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Improving learning outcomes is a key policy priority in Ghana. To ensure that well-intentioned policy goals translate into improved learning outcomes, decision-makers are eager to: (1) evaluate the success of education programs through rigorous research; and (2) build sector-wide frameworks of accountability through improved monitoring and feedback mechanisms. Both forms of evidence are necessary for a strong education system. Evidence Day, a part of the Ghana Ministry of Education's Education Week, will bring together policymakers, researchers, and practitioners to: a) share rigorous evidence about improving accountability and learning outcomes in education, in Ghana and internationally; b) identify ways in which evidence from evaluations can be used for better decision- making; and c) share monitoring and evaluation tools that can inform a framework of accountability for Ghana’s education sector.
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January 12, 2018
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Improving learning outcomes is a key policy priority in Ghana. To ensure that well-intentioned policy goals translate into improved learning outcomes, decision-makers are eager to: (1) evaluate the success of education programs through rigorous research; and (2) build sector-wide frameworks of accountability through improved monitoring and feedback mechanisms. Both forms of evidence are necessary for a strong education system. The Ministry of Education is therefore calling for proposals for presentations on research relating to the aforementioned topics. Authors of accepted proposals may be invited to present their work at the Ghana education evidence summit scheduled to take place in July 2018.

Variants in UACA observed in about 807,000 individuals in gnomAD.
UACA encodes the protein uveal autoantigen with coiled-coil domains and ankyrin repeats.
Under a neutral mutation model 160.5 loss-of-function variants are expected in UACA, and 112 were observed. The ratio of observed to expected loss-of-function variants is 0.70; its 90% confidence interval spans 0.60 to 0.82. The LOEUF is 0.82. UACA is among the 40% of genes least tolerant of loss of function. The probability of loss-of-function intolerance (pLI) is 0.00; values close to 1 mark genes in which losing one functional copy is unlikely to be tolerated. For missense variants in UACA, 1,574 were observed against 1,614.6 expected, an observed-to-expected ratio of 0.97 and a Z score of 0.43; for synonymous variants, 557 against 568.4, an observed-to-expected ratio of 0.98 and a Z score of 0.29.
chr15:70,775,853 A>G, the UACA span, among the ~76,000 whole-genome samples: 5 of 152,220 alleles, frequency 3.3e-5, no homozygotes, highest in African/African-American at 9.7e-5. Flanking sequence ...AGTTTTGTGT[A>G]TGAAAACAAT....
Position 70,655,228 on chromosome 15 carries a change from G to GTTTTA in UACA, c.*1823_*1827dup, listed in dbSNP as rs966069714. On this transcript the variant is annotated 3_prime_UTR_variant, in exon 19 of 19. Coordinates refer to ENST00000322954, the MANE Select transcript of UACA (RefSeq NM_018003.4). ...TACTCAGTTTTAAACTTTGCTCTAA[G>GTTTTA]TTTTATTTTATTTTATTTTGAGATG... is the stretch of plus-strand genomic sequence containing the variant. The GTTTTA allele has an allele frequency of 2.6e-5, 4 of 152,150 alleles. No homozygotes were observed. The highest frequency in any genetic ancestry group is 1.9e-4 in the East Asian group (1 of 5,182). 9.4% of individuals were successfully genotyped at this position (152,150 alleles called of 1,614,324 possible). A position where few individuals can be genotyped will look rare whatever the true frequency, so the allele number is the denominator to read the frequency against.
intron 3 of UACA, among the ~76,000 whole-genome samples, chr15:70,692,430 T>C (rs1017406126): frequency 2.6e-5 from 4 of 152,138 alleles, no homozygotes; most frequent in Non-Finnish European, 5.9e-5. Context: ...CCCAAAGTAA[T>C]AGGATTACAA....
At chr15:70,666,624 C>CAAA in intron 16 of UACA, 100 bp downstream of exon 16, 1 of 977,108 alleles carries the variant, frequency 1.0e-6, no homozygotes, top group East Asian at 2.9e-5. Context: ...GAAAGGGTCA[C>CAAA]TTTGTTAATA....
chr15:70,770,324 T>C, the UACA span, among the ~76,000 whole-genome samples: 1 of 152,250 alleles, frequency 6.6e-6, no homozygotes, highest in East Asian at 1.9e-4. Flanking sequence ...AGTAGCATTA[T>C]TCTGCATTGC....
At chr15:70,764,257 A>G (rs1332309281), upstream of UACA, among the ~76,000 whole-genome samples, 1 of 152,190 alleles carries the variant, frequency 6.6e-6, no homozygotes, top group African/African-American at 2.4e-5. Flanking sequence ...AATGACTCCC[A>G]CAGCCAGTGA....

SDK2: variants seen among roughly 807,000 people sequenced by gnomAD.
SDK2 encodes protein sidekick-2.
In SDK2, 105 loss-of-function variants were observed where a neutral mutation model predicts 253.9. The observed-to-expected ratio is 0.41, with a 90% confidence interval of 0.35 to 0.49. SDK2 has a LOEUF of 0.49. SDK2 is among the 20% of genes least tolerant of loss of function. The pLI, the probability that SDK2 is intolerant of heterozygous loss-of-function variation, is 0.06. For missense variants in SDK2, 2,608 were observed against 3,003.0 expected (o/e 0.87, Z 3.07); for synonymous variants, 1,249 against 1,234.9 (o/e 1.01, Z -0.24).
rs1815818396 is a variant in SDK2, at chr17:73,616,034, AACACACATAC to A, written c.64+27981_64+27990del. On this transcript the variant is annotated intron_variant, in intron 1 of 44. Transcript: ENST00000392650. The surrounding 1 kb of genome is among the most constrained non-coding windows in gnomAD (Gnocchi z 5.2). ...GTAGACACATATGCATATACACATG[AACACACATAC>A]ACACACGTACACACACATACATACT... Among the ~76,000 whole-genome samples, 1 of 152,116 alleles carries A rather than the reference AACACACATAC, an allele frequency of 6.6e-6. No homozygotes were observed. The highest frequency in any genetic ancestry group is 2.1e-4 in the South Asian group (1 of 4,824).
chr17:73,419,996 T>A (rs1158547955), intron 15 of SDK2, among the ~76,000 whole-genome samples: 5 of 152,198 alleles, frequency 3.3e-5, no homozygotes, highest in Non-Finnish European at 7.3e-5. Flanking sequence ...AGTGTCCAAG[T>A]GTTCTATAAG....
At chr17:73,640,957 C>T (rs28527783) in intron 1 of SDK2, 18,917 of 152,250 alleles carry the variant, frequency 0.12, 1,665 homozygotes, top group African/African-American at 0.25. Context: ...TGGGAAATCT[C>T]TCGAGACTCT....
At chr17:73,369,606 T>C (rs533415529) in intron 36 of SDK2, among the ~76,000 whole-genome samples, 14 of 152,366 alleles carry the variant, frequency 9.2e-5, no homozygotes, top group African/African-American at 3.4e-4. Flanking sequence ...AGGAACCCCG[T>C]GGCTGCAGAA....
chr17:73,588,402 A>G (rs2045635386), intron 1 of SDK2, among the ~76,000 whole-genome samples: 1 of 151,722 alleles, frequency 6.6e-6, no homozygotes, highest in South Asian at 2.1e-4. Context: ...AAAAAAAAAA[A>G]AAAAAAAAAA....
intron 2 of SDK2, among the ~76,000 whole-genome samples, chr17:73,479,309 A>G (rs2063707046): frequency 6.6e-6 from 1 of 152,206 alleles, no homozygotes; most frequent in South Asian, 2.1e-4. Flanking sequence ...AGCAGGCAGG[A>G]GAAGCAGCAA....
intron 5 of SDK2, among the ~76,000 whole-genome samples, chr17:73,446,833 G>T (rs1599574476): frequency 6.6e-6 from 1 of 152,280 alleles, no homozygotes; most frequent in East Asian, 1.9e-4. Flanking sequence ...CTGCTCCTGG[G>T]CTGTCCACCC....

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January 12, 2018
Gender gaps in participation and representation are common in new democracies, both at the elite level and at the grassroots. We investigate efforts to close the grassroots gender gap in rural Ghana, a patronage-based democracy in which a dense network of political party branches provides the main avenue for local participation. We report results from a randomized field experiment to address norms against women's participation and encourage women's participation ahead of Ghana's December 2016 elections. The treatment is a large community meeting presided over by the traditional chief, known locally as a durbar. We find null results. The treatment was hampered in part by its incomplete implementation, including by local political party leaders who may have feared an electorally-risky association with a controversial social message. The study emphasizes the importance of social norms in explaining gender gaps in grassroots politics in new democracies and contributes new evidence on the l...
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December 31, 2017